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Read Introduction to Philippians


Yet I considered it necessary to send to you Epaphroditus, my brother, fellow worker, and fellow soldier, but your messenger and the one who ministered to my need


The fourth portrait Paul presented of Epaphroditus was that he was “your messenger.”

“but your messenger”

Epaphroditus was the messenger of the church at Philippi to Paul. The word “messenger” in Greek is the word apostle. He was not an apostle of the Lord but an apostle of the church at Philippi. He was a representative of the church at Philippi to find the apostle Paul and help him.

Notice the only other place where Epaphroditus’ name occurs: “I am full, having received from Epaphroditus the things sent from you, a sweet-smelling aroma, an acceptable sacrifice, well pleasing to God” (4:18). This man was an ambassador of the local church to help a missionary in a difficult situation.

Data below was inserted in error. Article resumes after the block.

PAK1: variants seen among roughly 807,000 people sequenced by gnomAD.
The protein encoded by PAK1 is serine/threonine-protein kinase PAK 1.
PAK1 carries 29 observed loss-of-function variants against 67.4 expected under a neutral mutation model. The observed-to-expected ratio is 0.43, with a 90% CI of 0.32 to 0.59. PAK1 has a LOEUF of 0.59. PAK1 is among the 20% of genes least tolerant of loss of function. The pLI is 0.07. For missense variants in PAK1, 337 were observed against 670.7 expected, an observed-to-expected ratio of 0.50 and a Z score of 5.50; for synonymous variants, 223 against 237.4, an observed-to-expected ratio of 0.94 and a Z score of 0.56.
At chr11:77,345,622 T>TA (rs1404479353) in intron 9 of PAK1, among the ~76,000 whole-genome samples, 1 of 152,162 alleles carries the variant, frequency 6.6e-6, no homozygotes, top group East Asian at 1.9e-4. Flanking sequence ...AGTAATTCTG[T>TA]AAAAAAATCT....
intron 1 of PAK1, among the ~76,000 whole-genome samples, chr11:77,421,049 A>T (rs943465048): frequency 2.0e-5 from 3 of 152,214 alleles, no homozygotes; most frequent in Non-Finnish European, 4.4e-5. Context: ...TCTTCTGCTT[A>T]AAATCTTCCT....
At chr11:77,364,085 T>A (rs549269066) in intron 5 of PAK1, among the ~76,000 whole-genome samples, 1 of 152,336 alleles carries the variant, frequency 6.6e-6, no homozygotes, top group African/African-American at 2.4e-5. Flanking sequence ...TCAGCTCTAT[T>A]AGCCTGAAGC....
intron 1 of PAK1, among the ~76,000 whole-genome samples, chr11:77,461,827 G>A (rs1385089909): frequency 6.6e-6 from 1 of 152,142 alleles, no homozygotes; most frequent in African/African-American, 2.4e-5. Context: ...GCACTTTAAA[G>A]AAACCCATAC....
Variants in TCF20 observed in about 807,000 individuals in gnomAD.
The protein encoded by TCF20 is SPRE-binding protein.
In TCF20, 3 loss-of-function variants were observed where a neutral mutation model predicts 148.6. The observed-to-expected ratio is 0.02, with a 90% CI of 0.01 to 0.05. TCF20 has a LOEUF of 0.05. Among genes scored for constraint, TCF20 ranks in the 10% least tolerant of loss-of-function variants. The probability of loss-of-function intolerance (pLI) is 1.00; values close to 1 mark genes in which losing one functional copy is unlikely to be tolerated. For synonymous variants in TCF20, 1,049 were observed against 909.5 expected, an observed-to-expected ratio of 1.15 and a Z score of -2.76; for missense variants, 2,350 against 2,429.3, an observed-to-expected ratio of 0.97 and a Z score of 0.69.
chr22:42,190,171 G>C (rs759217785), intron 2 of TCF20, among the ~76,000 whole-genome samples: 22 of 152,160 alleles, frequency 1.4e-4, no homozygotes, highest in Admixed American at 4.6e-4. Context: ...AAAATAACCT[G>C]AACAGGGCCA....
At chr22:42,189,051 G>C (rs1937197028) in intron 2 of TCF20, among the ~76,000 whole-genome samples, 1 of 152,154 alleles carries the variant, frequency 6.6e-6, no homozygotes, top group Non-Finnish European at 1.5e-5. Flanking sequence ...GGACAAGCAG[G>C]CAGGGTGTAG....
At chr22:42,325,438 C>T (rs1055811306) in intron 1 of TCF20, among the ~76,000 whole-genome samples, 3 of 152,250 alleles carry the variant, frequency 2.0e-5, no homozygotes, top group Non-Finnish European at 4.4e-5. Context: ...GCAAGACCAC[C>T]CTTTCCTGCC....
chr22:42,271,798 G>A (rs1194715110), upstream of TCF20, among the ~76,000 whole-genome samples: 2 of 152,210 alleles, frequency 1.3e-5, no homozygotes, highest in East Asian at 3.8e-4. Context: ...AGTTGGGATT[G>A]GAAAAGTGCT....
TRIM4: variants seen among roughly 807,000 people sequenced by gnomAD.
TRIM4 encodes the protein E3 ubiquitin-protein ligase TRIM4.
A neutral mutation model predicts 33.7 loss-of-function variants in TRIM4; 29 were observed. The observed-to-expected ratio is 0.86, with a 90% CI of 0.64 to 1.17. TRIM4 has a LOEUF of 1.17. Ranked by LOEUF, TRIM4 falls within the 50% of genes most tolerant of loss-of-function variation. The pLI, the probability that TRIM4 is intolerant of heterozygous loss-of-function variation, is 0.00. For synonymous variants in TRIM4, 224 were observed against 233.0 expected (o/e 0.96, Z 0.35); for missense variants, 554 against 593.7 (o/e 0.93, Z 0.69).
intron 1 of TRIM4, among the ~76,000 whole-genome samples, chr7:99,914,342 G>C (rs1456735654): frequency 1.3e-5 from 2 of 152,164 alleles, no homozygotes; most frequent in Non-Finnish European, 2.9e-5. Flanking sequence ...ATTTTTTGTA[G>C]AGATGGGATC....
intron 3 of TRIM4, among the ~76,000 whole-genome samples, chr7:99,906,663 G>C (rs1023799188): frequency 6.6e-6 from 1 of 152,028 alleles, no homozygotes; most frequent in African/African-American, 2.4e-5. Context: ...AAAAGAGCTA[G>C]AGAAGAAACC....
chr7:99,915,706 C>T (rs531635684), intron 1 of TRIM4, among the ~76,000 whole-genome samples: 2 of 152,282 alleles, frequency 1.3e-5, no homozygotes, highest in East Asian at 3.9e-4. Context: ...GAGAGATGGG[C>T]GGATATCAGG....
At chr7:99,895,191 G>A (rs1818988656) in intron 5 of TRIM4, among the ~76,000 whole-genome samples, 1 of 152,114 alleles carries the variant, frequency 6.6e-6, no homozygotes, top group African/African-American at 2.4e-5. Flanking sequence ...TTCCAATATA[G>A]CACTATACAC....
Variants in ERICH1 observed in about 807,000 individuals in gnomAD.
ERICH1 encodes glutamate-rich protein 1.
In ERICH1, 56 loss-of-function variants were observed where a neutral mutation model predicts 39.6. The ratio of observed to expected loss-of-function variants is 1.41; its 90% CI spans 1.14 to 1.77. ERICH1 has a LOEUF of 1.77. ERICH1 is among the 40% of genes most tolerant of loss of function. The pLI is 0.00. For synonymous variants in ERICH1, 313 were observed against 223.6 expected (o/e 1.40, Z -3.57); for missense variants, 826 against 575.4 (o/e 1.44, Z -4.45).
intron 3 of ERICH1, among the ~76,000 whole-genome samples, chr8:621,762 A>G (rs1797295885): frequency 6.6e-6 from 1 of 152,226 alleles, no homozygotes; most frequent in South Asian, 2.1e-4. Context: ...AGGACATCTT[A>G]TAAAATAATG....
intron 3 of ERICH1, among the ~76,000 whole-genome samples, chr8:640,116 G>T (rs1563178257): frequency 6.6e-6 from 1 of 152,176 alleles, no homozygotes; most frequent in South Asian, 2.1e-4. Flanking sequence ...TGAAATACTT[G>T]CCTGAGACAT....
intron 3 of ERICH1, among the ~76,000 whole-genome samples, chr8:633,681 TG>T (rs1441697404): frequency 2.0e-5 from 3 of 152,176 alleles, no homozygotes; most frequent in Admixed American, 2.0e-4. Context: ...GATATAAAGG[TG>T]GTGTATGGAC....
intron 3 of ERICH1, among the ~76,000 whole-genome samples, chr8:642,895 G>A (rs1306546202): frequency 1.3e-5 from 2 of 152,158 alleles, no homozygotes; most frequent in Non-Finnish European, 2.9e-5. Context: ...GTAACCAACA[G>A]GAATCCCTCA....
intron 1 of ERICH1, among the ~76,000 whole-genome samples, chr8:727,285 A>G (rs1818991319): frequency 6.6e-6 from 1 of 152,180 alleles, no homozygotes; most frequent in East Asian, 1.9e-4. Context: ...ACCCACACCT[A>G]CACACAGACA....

We are both representatives of the Lord and His church. The emphasis of one to the neglect of the other is an error. Some think that they are representatives of Christ but do not believe that they are representatives of the church. Their attitude is, “Let the church be hanged! Put the church on the shelf. It is no longer relevant in winning people for Christ.” They put almost everything before the ministry of the local church.

God has called us to be representatives of both the Lord and His church. To emphasize only one side of that truth is to distort the biblical perspective. We get off on a tangent if we do not highlight all aspects of that truth. Tending to all the truth keeps us from becoming lopsided. We will not limp on the right side or the left.


The balance of God’s truth is that God has called every believer to be a representative of the church as well as a representative of the Lord.


Are you involved in a local church ministry? In business dealings, do you view yourself as representing both the Lord Jesus and his local church?